“That’s Too Much to Learn”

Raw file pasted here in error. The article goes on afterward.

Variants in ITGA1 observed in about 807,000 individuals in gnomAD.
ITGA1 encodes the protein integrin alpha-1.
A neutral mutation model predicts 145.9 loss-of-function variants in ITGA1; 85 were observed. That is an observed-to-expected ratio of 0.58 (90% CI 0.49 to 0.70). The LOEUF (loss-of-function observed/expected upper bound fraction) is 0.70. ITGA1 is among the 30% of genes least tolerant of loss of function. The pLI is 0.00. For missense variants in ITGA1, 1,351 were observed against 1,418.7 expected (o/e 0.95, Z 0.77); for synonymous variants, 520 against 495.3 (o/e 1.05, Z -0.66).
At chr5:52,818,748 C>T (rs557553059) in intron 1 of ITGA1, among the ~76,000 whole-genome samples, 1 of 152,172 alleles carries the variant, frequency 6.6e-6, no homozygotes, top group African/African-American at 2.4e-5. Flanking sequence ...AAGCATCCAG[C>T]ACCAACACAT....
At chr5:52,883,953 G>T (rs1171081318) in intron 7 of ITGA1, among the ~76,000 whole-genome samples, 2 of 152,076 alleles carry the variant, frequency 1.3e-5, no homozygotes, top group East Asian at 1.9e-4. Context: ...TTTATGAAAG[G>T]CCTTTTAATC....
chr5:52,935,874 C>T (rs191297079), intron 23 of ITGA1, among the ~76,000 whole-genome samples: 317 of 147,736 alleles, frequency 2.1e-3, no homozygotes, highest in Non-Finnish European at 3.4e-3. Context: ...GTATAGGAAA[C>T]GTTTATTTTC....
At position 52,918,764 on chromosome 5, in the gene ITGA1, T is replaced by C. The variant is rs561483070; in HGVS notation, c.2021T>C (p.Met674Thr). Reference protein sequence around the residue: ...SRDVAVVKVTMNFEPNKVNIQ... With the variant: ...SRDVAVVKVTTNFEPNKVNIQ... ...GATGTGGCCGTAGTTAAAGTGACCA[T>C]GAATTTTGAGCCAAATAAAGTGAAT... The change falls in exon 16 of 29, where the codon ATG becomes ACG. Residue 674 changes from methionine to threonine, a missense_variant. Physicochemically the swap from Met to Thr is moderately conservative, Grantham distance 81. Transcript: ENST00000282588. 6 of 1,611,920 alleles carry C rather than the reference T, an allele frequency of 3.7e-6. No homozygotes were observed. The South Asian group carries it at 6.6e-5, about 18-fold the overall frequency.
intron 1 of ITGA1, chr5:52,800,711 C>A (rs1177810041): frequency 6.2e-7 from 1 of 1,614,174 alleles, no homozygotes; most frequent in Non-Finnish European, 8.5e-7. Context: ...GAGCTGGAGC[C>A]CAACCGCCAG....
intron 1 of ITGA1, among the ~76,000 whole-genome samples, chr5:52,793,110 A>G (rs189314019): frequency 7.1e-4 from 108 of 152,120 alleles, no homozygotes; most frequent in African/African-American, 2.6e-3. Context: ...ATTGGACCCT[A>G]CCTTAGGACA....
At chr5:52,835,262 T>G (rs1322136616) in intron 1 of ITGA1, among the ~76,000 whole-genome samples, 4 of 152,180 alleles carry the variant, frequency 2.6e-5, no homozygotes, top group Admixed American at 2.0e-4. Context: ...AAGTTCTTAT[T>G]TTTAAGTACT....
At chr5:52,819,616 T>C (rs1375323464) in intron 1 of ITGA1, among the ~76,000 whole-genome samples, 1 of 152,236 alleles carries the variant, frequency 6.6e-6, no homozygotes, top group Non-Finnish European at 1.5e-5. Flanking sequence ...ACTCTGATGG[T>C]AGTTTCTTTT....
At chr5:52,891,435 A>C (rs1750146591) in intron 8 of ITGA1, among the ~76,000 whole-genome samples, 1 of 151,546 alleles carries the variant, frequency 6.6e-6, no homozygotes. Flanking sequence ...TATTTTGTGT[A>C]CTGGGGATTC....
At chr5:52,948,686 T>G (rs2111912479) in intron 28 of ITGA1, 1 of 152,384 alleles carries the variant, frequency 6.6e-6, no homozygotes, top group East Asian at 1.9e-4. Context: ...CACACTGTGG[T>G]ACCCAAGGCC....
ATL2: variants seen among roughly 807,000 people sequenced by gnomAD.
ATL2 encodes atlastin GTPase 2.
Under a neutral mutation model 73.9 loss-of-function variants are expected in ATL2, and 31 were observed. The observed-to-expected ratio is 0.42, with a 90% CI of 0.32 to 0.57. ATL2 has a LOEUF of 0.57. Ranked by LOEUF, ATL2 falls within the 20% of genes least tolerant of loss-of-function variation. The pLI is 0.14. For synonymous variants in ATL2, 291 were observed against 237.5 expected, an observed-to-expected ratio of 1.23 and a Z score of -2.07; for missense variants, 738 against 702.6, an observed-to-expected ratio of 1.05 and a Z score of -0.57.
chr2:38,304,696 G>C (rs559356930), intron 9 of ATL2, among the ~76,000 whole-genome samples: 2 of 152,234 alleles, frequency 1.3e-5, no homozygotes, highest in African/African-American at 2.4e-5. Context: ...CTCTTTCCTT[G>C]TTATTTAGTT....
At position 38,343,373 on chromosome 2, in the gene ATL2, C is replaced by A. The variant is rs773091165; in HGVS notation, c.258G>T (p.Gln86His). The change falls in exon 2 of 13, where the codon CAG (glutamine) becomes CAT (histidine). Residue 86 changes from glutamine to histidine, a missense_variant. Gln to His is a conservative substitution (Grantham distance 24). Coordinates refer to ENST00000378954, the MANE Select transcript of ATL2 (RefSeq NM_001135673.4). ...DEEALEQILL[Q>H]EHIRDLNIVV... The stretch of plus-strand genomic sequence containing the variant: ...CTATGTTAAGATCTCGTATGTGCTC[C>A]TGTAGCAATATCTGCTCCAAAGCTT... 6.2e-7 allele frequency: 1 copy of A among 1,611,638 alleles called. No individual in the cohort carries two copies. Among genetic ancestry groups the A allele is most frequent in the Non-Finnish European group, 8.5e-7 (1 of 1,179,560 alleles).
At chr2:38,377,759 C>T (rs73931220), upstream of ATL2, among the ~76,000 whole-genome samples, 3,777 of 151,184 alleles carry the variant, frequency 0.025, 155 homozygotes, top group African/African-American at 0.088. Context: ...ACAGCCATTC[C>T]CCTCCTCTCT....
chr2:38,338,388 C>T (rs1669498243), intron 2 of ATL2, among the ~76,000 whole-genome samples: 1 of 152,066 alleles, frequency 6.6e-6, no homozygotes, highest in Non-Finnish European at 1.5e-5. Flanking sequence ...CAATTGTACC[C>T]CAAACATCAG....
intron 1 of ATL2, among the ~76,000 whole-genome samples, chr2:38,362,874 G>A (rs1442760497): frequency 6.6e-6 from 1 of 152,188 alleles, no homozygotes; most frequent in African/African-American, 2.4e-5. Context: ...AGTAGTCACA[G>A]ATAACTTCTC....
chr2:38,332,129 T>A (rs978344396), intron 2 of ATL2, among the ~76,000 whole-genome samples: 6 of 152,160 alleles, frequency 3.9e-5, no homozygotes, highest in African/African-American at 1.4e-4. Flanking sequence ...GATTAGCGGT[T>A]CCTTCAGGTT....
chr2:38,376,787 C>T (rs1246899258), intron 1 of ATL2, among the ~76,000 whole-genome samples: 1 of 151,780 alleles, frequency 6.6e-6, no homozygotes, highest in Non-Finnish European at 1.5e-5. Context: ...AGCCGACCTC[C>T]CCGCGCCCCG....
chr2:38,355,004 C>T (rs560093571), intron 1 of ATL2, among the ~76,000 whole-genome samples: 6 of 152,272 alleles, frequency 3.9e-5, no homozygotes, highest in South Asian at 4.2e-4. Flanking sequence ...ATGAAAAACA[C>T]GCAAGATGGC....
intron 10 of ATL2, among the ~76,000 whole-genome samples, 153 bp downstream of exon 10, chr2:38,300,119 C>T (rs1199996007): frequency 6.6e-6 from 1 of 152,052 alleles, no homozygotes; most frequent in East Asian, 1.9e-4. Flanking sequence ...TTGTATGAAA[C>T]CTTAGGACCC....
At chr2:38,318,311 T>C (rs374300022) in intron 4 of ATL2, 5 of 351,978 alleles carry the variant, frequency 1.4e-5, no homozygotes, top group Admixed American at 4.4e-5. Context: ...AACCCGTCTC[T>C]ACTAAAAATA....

This chapter explores how past, present, and imagined future users of an Indigenous language collide through a process of standardization planning in post-colonial Mexico. Through ethnographic observations and interviews with a range of social actors, I explore the tensions among historical precedents, immediate needs, and long-term goals which emerge in relation to the standardization of Isthmus Zapotec, an Indigenous language of southern Mexico. Efforts to produce a written standard for Isthmus Zapotec have been underway since the early 20th century, with a recognized orthography established in 1956. A recent initiative to introduce greater phonological detail and consistent representation into the orthography, spearheaded by linguists and the Mexican National Institute for Indigenous Languages, has created new discussions around language norms. The writing norms proposed by linguists imagine future users who are literate in Isthmus Zapotec in addition to Spanish, in line with the official recognition of Indigenous languages in Mexico since 2003. Current Isthmus Zapotec literacy practices are mediated through and heavily influenced by Spanish, however, and persistent socioeconomic inequalities continue to shape educational and social realities in the Isthmus Zapotec community. The ideal of an autonomous writing norm reflects a desire for an autonomous and enduring Isthmus Zapotec community; however, the continued dominance of Spanish make the establishment of such a norm elusive, and for some educators, it is an undertaking which threatens to create new social hierarchies. It is likely that tension among different priorities will remain, as linguistic science aims to conserve in the face of language shift, while educators aim to support change in the face of the social inequalities that they experience in their community. The possibility of a future where Isthmus Zapotec users are biliterate and socially valued in local, national, and international spheres is one which all stakeholders would readily pursue; however, there is less agreement on the way to turn this social imaginary into a reality.